Standing an Elephant on a Chair: The Agility Tricks Changing CPG and Software

Consumer Packaged Goods
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Recently, I came across an article published in The Economist on how large global CPG manufacturers are facing challenges from smaller, more agile competitors taking their market share. How does the competition between the agile and the traditional of the CPG sector relate to software providers (including Trade Promotion vendors like ourselves)? Curiously, we have seen similar and parallel shifts in our industry over recent years.

In the not so distant past, large CPG companies such as Nestle, P&G, or Unilever had a competitive advantage in many markets with their ability to optimise supply chains, delivering the upper hand on in-store availability and securing shelf space, whilst leveraging huge marketing budgets. But, increasingly, the large CPG companies’ centralised approach to delivering global brands with global appeal has left them vulnerable to companies targeting shoppers with brands tailored to local needs. Examples quoted by The Economist include the Yunnan Baiyao Group in China with 10% market share in toothpaste, Brazil’s Botica Commercial Farmaceutica with 45% of Brazilian perfume sales (and a 45% growth rate), and India’s Ghari Industries’ growth to 17% of the detergent market. These challenger brands are gaining share by playing to their strengths.

The size of these local vs global companies means they are able to focus and adapt more to the needs of their shoppers and consumers, whilst often outsourcing their production and leveraging technology to save costs. Their agility allows them to quickly adapt and evolve with their products’ changing demands. So, how does this relate back to providers of Enterprise software..?

  1. Outsourcing: Using a SaaS model, therefore removing the need for on premise servers, is a strong trend, with the majority of new solutions not even available “on prem” anymore. The benefit for companies? A better view of ‘Total Cost of Ownership’ with the ability to outsource support and hosting and, also, importantly, to add users and functionality quickly.
  2. Local vs Global: Local implementations are back in style. The aspiration of a one-size-fits-all solution global template build is no longer best practise. It is more important to deliver against the business requirements for the local teams, which take into account regional variances, rather than to centrally impose a model usually created for mature markets.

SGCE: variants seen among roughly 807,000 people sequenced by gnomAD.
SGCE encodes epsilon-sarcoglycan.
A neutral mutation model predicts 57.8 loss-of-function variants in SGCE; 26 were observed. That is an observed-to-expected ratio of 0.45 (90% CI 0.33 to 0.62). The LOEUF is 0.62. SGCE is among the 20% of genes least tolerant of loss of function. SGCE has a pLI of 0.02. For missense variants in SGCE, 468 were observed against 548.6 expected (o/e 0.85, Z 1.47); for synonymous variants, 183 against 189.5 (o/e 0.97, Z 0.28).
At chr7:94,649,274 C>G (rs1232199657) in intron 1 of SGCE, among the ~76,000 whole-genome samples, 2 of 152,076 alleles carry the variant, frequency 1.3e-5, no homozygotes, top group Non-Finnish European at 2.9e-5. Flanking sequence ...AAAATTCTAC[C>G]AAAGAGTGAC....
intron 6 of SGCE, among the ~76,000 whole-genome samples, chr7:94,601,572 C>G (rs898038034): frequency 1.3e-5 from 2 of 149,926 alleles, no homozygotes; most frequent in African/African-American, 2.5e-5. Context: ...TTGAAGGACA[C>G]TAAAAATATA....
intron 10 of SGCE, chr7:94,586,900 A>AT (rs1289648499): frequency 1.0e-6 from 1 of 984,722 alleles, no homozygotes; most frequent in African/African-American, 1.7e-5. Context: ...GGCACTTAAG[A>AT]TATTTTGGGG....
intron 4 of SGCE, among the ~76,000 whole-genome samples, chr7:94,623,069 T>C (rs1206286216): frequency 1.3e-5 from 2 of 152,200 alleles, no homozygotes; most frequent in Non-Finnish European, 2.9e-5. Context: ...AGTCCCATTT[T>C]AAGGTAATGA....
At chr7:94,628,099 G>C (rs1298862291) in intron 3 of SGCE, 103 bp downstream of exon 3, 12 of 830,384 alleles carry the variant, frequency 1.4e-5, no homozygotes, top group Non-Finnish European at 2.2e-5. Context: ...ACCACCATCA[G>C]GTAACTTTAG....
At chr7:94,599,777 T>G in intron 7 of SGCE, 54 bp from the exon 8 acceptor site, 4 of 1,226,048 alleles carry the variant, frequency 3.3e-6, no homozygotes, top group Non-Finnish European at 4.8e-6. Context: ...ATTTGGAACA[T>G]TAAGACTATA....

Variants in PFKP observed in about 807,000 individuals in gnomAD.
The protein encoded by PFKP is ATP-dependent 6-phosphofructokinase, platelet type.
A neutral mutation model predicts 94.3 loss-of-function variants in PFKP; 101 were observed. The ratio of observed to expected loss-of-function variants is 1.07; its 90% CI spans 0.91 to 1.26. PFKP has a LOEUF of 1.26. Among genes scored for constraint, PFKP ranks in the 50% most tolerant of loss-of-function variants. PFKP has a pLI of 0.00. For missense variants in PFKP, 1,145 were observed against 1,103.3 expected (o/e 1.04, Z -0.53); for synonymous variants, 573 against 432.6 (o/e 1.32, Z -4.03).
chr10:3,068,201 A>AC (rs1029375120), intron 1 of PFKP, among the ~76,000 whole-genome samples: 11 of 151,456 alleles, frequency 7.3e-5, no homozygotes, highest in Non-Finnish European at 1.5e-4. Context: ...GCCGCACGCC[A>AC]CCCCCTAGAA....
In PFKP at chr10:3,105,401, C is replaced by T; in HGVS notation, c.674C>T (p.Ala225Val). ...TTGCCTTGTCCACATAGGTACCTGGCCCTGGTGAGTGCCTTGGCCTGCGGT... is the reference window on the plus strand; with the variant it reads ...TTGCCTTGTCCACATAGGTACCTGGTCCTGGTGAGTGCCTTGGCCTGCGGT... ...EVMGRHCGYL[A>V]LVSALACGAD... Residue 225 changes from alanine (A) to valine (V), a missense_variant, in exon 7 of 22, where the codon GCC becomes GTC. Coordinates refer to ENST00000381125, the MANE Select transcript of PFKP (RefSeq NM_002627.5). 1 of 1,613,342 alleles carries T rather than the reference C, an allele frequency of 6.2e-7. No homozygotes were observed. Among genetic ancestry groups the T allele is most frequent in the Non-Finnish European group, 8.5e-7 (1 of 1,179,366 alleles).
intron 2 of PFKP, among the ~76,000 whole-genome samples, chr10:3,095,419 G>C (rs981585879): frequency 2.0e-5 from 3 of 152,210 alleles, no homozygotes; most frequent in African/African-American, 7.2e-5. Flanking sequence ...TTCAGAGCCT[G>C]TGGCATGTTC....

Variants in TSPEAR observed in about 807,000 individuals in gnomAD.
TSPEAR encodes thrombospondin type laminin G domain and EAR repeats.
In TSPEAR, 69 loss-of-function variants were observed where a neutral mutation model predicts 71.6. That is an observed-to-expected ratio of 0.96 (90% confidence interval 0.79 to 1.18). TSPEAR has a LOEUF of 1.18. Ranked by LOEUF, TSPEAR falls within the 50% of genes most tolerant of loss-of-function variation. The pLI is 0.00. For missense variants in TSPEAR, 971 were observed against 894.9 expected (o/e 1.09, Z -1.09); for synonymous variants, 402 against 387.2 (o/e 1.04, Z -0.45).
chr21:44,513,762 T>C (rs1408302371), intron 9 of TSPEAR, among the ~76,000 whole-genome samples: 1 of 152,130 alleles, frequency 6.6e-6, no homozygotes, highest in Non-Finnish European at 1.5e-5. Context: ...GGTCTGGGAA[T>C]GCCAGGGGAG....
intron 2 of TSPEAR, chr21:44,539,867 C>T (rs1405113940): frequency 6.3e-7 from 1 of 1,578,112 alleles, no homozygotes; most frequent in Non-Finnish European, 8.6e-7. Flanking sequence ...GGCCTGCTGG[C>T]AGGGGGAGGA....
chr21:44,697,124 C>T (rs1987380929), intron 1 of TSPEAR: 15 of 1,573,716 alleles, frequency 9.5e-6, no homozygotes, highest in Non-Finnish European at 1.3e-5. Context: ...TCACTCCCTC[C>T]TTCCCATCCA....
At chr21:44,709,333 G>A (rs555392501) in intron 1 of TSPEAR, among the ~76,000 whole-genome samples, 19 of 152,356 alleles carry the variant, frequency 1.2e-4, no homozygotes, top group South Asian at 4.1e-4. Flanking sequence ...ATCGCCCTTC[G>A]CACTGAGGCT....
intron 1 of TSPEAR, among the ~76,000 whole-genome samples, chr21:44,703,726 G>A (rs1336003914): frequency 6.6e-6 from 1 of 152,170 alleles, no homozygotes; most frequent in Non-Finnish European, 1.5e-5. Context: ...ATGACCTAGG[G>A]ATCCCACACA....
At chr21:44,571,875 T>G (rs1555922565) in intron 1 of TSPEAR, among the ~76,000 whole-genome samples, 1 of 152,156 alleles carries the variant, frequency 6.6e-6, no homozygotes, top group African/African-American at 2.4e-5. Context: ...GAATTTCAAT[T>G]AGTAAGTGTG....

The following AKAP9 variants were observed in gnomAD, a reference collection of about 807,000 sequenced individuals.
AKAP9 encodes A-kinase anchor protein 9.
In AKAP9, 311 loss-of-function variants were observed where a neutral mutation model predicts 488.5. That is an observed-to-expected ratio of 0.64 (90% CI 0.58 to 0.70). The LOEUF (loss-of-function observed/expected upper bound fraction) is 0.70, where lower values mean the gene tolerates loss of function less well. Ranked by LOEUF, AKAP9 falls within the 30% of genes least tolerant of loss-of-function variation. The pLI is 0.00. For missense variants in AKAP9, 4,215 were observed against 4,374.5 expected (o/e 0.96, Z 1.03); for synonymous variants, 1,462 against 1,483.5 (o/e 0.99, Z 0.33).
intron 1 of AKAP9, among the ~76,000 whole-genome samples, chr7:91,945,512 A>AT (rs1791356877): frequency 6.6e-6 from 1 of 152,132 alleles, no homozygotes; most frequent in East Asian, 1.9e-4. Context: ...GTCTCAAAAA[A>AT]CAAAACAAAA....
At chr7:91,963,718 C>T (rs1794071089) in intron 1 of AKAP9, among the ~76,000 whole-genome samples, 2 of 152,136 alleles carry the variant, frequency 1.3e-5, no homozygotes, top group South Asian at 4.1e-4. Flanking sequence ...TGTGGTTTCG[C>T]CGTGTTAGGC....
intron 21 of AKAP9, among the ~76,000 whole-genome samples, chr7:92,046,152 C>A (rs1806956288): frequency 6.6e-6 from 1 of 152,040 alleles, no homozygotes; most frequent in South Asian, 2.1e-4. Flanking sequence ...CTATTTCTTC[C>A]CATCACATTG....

3. Agility: A SaaS solution implemented quickly, via an agile approach, can deliver on-going upgrades and new functionality sooner to meet business needs. These factors, combined with a user adoption curve which tends to be steeper due to localised configuration and implementation, deliver a quicker return on investment.
  4. Technology: The majority of large players’ on premise software solutions struggle to live up to user expectations. Standards have risen rapidly thanks to the latest mobile and gaming user experiences. Often, only SaaS applications are available on all devices and have had the user experience front of mind during development.
  5. Size No Longer Matters: Small software providers are able to scale their ability to deliver the solution to many customers at the same time. This has allowed SaaS providers to roll out their solutions successfully with agile teams growing organically. Decision making and reactivity is quicker outside a corporate behemoth.

So, in the same way that niche, challenger CPG manufacturers are able to take market share from larger, more established companies, niche software vendors are able to compete on the same level as larger, more established vendors. By focusing on user experience, cost, localisation, and agile delivery, they are thus able to provide a far superior ROI over time.

Natalie Vandersluis
Solution Architect
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